As long as we do not learn to accept all this as a unity, as an undivided totality, we will suffer and spread around us the suffering and the conflict that remain within us, unresolved, unhealed. There is a need, even an urgency, to go down to the deep source of our divisions, to open our eyes, to escape the hypnotic denial, and to face our existential reality, the facts! We need to do this without interposing the filters of our interpretations, explanations, excuses, justifications and peremptory condemnations; the very filters that have thrown us into this muddy and pestilential swamp of misunderstanding, contradictions and unsolvable tensions in which we seem to be well and truly mired.
As long as we do not wish to see, we will remain blind. And this blindness puts us in great danger, because every day we are obliged to act, to move forward, to decide, to choose this or that option, this or that direction. Sooner or later, the choices of a blind person inevitably lead him or her into trouble, inextricable complications and increasing suffering.
We have made unfortunate, destructive choices in the past, and we continue to reproduce these every single day. We have become terribly dependent; addicted to the material consequences of those choices. Who among us can claim to be able to (or even want to) live without a car, a smartphone, and all the complex, interconnected networks that provide us with food, mobility, energy and information every day?
Look around you: every object you see, every service you enjoy, has been, or is being produced by machines – from bottle openers to computers, from your home to your clothes. These machines are invariably supplied with energy – directly or indirectly in the case of electricity – by fossil fuels (gas, oil, coal, radioactive materials); the very materials whose extraction, refinement and use, put us collectively in danger, even threaten us with death. Without machines, and therefore without fossil fuels, there is no production, and of course no consumption! By living as we do, we are running ever more rapidly towards an abyss, with full awareness of the consequences.
We have become accustomed to considering all of this insane and deadly activity as normal, inevitable and even desirable. A very small number of people make huge profits from it, but the vast majority suffer because of it: pollution, degraded quality of life, social decline, poverty, damaged health, famines, and exoduses. We have adapted to this way of living, which is also a way of being, of positioning ourselves in relation to life. And we are teaching our children to adapt to it in turn, to adopt to its clichés, automatisms, constraints and absurdities. Do we have a choice, and will our children, once shaped and moulded by our education system, and conditioned by the culture we offer them, also have a different choice?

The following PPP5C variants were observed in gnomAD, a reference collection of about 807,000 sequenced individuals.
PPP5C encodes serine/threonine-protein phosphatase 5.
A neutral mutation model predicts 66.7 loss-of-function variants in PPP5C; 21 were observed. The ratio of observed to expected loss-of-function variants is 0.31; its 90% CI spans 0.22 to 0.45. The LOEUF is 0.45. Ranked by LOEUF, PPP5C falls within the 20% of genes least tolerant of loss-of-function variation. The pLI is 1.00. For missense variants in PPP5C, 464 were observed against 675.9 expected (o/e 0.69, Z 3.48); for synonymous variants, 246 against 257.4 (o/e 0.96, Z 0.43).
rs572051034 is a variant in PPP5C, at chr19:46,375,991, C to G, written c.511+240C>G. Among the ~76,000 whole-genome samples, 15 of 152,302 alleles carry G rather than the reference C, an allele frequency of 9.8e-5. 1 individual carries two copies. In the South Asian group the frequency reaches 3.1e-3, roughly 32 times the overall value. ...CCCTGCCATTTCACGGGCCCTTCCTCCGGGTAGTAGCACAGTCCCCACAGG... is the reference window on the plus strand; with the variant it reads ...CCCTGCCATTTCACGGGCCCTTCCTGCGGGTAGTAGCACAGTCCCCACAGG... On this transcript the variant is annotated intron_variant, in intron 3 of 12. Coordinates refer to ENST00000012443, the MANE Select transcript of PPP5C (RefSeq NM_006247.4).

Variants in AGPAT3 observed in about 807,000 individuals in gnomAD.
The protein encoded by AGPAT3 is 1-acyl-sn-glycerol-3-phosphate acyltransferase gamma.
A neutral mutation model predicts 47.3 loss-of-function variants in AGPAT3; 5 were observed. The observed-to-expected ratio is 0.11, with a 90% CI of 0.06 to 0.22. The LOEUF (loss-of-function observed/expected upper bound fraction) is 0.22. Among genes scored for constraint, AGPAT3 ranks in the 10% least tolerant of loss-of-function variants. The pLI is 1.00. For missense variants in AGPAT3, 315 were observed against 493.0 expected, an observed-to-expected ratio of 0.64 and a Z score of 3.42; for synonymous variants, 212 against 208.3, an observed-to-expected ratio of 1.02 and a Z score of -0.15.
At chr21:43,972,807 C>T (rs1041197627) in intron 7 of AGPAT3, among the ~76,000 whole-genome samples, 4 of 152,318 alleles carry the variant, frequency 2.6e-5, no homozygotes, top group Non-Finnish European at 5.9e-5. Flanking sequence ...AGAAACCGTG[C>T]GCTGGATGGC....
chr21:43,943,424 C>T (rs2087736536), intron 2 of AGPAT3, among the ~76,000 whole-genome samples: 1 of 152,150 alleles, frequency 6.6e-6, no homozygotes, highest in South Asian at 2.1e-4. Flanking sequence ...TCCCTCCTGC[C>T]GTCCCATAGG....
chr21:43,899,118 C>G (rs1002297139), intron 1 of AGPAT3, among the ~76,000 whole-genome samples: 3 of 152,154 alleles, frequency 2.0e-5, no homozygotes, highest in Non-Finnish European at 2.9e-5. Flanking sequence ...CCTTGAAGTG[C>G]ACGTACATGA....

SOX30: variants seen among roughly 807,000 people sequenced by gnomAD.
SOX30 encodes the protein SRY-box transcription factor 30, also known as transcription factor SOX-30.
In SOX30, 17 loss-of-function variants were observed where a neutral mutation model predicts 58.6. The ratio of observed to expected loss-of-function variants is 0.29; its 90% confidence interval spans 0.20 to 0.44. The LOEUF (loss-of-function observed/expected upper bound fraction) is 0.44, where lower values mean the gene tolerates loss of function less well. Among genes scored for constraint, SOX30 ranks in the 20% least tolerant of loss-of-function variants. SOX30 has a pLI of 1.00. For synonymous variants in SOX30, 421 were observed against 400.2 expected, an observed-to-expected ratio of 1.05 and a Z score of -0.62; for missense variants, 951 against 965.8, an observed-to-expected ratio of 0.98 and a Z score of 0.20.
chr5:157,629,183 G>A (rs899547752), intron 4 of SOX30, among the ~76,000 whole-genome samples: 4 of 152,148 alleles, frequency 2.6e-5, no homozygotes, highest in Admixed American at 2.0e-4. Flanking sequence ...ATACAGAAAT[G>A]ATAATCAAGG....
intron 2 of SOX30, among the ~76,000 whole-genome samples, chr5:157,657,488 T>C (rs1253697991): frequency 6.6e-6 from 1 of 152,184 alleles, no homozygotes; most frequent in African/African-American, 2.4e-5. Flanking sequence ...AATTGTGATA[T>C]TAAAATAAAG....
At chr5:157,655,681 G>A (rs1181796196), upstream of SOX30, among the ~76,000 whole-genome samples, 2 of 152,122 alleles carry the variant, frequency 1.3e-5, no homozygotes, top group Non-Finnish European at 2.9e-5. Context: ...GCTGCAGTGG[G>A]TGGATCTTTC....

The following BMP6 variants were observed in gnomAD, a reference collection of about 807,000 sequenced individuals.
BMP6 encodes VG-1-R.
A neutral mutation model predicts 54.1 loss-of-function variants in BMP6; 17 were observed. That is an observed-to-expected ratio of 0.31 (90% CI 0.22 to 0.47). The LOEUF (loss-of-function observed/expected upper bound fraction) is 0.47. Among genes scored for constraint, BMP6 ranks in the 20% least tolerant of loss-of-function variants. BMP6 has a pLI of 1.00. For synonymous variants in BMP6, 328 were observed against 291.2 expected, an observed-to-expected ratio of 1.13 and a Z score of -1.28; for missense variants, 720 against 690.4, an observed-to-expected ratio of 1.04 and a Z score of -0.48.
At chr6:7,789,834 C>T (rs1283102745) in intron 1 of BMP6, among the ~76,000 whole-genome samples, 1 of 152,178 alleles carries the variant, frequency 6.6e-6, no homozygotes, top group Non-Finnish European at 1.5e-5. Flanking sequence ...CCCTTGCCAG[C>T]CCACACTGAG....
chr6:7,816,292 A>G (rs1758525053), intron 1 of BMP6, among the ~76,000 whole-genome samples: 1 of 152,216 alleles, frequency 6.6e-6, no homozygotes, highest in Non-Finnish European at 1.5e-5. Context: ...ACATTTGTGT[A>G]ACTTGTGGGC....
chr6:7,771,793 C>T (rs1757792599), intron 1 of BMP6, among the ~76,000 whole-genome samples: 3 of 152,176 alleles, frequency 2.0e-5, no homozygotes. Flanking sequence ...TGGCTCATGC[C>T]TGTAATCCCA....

First and foremost, an internal radical revolution is indispensable, even vital. Our way of acting and organising ourselves will not change significantly if we do not change the very essence of ourselves. What meaning, what direction do we want to give our life on earth? What priorities do we put first? Will we have the desire, the courage and the strength to draw from the depths of our being the spiritual resources that are the only ones capable of bringing about the indispensable and urgent radical transformation?
Do we perceive this urgency, not intellectually through information from outside, but intuitively? Are we capable of reacting sharply to the many obvious signals of distress, both around us and within us, or is our sensitivity to life so dulled, so stifled, that we resign ourselves to sinking, both spiritually and materially? Are we ready to devote our entire existence (our intelligence, our aspiration, our vitality) to the true Life that palpitates within us, and that calls us so insistently? Are we ready to tear off the caricatured and grimacing mask with which we have temporarily clothed It, and discover Its inexpressibly beautiful, eternal face?